Game Over, Man! (2018)

Just in case you thought Paul Blart: Mall Cop wasn’t dumb enough, now we have Game Over, Man!, which might be the second worst “Die Hard, but with loser protagonists” movie we’ve ever seen. The Blart sequel, of course, is worse—it earns that title based on having no laughs, compared to the select few that occur in this one.

Game Over, Man! is going to be described as the Workaholics movie, in large part because it stars the three leads of that show—Adam Devine, Anders Holm, and Blake Anderson—was written by Holm, and directed by Kyle Newacheck, who was one of the creators and directors of the show. While it’s not technically related, it doesn’t represent the show or these people very well. If you’ve never watched Workaholics, it’s hard to imagine this would do a very good job of making you want to.

Alexxx (DeVine), Darren (Holm), and Joel (Anderson) are slacker housekeepers at a pretty nice hotel. The hotel is throwing a party for a celebrity (Utkarsh Ambudkar), but it gets interrupted by a couple of villains (Neal McDonough and Rhona Mitra), who want the celebrity’s money for reasons that don’t matter. Money’s money, right? Everyone except for these three guys wind up trapped in the party room, the building is wired with explosives that will trigger if anyone tries to enter, so it’s up to them to save the day. They’re too idiotic to do anything good intentionally, so it winds up boiling down largely to a series of unintentional successes the film tries to pass off as jokes.

The problems arrive early and frequently. They mostly come down to Game Over, Man! lacking in jokes. While Holm is credited with the screenplay, it feels like a first draft—the type that probably should have gone through a committee of TV writers who could’ve sent it back for more than a few edits. The other main problem comes from these characters, who are awful people and continue to be awful people throughout. They’re lazy, selfish, and annoying. There’s no growth and no reason to root for them—except for the basic humanity of not wanting to see a bunch of nameless extras, many of whom played by pretty famous people, die, of course. But they’re just movie people, and we need more of a reason than that.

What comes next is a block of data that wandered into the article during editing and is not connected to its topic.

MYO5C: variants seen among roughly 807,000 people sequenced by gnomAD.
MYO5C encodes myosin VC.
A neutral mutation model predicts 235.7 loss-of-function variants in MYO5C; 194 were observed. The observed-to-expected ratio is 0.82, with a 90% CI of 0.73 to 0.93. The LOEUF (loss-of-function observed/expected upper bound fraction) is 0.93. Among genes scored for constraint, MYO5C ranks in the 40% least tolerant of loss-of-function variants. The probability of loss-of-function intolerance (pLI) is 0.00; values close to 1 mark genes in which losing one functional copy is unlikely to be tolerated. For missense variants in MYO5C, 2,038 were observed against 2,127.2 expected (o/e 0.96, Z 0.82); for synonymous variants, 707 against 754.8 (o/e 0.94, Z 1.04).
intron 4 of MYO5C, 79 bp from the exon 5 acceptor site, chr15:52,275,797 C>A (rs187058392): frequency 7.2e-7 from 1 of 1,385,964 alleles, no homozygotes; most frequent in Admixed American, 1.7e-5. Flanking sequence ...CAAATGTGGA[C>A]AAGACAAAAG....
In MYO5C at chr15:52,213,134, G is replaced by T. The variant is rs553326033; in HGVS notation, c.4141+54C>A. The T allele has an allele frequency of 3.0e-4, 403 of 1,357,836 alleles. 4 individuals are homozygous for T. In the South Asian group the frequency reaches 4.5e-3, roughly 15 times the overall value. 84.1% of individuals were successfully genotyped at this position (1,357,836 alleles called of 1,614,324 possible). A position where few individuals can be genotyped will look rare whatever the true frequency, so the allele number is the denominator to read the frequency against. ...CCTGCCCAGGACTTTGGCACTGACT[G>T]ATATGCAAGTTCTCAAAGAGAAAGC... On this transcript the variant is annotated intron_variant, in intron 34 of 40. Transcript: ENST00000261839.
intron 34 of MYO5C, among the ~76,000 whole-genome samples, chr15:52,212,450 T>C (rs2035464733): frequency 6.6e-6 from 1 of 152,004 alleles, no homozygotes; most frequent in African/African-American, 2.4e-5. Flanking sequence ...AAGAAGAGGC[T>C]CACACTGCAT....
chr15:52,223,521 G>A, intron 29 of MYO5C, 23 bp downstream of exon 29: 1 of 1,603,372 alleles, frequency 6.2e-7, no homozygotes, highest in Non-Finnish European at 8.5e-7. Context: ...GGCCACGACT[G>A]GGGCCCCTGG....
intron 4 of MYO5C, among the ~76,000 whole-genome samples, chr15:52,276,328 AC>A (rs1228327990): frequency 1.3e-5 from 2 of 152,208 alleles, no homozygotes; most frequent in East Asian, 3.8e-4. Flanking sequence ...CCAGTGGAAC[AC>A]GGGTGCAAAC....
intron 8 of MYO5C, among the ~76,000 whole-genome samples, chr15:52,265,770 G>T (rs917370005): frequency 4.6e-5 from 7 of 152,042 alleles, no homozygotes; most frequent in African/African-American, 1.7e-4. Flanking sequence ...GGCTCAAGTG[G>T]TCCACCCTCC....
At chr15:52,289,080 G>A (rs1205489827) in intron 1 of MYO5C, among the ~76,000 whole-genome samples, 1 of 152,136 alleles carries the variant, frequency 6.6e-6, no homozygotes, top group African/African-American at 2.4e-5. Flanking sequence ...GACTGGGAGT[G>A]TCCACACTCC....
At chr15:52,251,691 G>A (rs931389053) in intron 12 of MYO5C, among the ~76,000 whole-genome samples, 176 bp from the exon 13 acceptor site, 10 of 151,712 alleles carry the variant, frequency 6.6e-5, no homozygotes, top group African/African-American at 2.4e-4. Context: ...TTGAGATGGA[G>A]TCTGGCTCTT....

It’s important to remember that Die Hard is actually pretty funny—decidedly more so than most of its knockoffs.

There are a lot of famous cameos, most of which are more distracting than endearing. “Hey, remember this famous person? They’re going to die now. That’s so funny!” That’s the crux of most of its jokes. The other attempts come from the interplay between the three leads, who have chemistry but little more. They’re bad people and they’re not funny, so who thought it was a good idea to make them the leads?

A couple of them don’t have a ton of screen presence, either. Adam DeVine does, and he is the only lead worth watching. Anders Holm and Blake Anderson wind up falling into the background—they’re non-entities for most of the production. Utkarsh Ambudkar gets more laughs than the three combined in significantly less screen time. So does Rhona Mitra, as a no-nonsense villain. Meanwhile, Neal McDonough’s involvement only serves to remind us that he already did this in Paul Blart and he wasn’t good there, either.

It’s important to remember, when it comes to discussing “Die Hard with losers” movies like Game Over, Man! and Paul Blart: Mall Cop that Die Hard is actually pretty funny—decidedly more so than either of those examples, and probably more than whichever one you’re thinking of. It also has a character we can root for, an engaging villain, and great action. Game Over, Man! has a couple of jokes that land, but is mostly a waste of time and talent.

Conclusion: Game Over, Man! is annoying and not very funny.

Recommendation: Even Workaholics fans might want to skip this “Die Hard with losers” movie.

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